In a matter of days, New Yorkers will start heading to the polls and Antonio Delgado needs to quickly get his name out there.
“I’m new here. So I’m trying to make sure that I’m out there, that I’m connecting with people,” the new lieutenant governor of New York said.
He was sworn in only two weeks ago and is running in the June 28 Democratic Primary for a full term after being appointed by Gov. Kathy Hochul. It was her second pick after her initial lieutenant governor, Brian Benjamin, was arrested and charged in federal court in connection to a bribery scheme.
“People’s confidence has been battered for decades in Albany,” Hochul said in April.
To swap his name with Benjamin’s on the primary ballot, she got the Legislature to change election law at the last minute.
“You are right, people are cynical. They are dispirited, they are frustrated, they are angry. And I’m incredibly empathetic,” Delgado said when asked whether the move was entirely political.
“My job right now is to make sure that I understand exactly what the needs are of the communities that I wanna make sure I help,” Delgado added.
He had to leave his seat in Congress after representing the Hudson Valley for the last three and a half years.
Polls indicate Democrats could lose their majority in the House next year.
“My focus as a member of Congress was always to do the work for people in my district and make sure that I delivered. And I did,” Delgado said in his defense.
Two Latinas were already on the primary ballot by the time Delgado was selected: Colombian-born Ana María Archila and Dominican-American Diana Reyna. For a long time, New York’s Hispanic community has felt taken for granted and has asked for representation at the highest levels of power.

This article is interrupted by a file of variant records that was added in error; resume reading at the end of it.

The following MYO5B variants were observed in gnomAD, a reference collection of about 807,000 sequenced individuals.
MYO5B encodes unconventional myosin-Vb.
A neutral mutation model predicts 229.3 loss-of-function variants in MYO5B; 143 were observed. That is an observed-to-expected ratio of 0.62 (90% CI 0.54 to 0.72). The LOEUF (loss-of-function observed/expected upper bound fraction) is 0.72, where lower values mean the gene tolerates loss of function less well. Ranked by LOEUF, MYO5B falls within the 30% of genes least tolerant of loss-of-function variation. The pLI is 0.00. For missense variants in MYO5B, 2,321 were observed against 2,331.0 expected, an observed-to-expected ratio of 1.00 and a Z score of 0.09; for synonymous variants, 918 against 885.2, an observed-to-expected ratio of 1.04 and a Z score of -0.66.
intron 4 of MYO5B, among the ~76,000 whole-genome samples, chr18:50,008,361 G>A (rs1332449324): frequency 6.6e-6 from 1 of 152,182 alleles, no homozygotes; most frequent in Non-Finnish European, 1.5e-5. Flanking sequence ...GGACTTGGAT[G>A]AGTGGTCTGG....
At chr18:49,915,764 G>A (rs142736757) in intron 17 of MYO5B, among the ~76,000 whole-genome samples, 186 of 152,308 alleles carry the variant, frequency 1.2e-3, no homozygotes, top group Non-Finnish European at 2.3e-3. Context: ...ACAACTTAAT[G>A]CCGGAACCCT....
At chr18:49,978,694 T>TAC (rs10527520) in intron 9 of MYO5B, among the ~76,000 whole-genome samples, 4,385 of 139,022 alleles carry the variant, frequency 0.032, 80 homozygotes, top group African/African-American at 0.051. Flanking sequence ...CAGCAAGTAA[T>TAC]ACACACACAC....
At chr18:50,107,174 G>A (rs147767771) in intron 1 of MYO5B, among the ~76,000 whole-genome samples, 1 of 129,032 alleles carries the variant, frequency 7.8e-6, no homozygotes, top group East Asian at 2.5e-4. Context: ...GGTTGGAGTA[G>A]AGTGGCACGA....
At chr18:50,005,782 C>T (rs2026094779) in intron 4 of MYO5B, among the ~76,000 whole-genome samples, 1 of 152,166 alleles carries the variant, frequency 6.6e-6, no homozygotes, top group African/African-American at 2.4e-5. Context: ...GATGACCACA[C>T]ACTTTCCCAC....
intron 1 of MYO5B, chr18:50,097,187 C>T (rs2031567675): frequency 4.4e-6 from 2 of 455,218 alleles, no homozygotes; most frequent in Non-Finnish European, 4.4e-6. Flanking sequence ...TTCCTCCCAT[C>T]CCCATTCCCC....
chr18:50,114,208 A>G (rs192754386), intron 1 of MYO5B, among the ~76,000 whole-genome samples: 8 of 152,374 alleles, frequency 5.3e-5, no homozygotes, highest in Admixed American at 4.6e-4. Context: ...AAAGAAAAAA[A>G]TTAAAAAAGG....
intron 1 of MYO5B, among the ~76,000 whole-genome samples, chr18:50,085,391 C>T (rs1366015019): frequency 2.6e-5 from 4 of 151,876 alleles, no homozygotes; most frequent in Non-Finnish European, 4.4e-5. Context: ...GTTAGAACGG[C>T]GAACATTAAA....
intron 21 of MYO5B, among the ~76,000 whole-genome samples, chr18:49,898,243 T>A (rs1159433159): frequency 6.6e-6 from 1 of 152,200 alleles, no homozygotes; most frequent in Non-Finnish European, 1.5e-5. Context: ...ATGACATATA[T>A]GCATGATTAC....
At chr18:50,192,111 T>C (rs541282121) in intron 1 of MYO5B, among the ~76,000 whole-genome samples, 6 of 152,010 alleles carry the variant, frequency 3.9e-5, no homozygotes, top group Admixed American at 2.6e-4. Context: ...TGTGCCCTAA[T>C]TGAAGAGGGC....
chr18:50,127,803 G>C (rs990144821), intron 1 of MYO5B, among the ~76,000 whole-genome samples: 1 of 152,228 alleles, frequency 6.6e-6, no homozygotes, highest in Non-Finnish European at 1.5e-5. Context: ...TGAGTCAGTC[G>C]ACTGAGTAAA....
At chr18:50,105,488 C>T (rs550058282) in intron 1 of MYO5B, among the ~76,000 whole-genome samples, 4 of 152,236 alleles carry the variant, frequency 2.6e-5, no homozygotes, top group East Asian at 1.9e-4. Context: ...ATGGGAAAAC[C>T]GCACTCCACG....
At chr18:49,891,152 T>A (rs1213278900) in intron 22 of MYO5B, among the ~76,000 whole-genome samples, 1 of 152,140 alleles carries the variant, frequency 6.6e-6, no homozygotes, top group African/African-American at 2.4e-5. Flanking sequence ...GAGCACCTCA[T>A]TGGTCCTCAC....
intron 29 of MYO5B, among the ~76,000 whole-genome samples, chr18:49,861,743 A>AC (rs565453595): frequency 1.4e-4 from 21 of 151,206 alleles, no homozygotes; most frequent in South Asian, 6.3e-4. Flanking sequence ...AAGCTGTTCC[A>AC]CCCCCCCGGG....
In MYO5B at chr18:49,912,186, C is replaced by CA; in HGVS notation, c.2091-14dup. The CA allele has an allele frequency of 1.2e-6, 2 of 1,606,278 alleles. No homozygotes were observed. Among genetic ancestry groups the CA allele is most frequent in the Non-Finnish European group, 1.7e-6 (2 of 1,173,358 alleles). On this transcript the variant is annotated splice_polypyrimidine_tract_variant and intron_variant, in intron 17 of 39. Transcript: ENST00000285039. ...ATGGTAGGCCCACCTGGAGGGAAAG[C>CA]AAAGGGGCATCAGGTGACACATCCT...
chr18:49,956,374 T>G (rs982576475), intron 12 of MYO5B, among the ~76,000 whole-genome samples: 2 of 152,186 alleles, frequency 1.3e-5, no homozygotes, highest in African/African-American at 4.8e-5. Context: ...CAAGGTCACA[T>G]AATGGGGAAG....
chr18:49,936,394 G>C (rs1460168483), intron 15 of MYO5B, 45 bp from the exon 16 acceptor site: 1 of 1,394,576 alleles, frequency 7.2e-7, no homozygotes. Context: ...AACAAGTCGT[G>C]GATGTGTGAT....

Many felt misled by Delgado’s heritage, who considers himself Black and Afro-Latino. Delgado’s father is from Cape Verde — a former Portuguese colony off the coast of Africa.
“The Delgado comes from my father, the Latino comes from my mother. Her maiden name was Gómez and her father has roots in Latin America,” Delgado said, adding that his last name is Portuguese.
Asked about one thing he did for the Latino community while in Congress, he said: “I went to the border, I was one of the few delegates who went to the border when Trump was in office.”
Quality of life and public safety are his two main priorities, he says.
Delgado will debate his two rivals, Archila and Reyna, for the first time on June 15th on NY1.